Product Details

  • Paperback: 416 pages
  • Publisher: Addison-Wesley Professional (April 29, 1996)
  • Language: English
  • ISBN-10: 0201422190
  • ISBN-13: 978-0201422191
  • Product Dimensions: 9 x 7.2 x 0.9 inches
  • Shipping Weight: 1.7 pounds (View shipping rates and policies)
  • Average Customer Review: 3.8 out of 5 stars  See all reviews (17 customer reviews)
  • Amazon Best Sellers Rank: #1,344,749 in Books (See Top 100 in Books)

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Customer Reviews

3.8 out of 5 stars
(17)
3.8 out of 5 stars
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Most Helpful Customer Reviews
16 of 16 people found the following review helpful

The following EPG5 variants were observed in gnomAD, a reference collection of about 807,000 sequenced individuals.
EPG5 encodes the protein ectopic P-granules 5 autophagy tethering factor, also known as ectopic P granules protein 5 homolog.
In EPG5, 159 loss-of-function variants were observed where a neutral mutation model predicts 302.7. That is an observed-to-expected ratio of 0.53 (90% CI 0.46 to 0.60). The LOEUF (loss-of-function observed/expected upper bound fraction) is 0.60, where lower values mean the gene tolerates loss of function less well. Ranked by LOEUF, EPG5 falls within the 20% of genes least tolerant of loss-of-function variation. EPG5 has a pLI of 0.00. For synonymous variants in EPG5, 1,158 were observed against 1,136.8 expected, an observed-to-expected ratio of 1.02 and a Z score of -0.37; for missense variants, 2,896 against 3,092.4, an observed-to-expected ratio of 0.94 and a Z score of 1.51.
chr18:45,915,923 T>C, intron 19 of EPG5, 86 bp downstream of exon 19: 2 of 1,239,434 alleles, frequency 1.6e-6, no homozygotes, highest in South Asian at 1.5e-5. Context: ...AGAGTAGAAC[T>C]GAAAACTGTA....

3.0 out of 5 stars Good, but old. Needs to be updated. September 16, 1999
Format:Paperback
Those of us who participate in the CGI programming newsgroups know Thomas' reputation and it's steller. When this book was first released, it was the best book available, and it some ways it still is. But the current edition is showing its age. It doesn't cover many new CGI topics or concepts. I still use this book as a reference now and again, but I wouldn't buy it today.
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8 of 8 people found the following review helpful
4.0 out of 5 stars a little out of date, but pretty good April 6, 1999
By A Customer
Format:Paperback
I'd written many complex CGI scripts using Perl before even buying this book, and the concepts in it are sound and well explained. My purpose for this book was to make the difficult transition from PERL-based CGI programming to C-based CGI, and this book definitely served the purpose well. My only two complaints are: 1) There aren't enough code examples per chapter (remember what I bought the book for), and 2) The material is woefully out of date. Still, I haven't seen anything better at CGI using C out there, and I've been looking for a long time.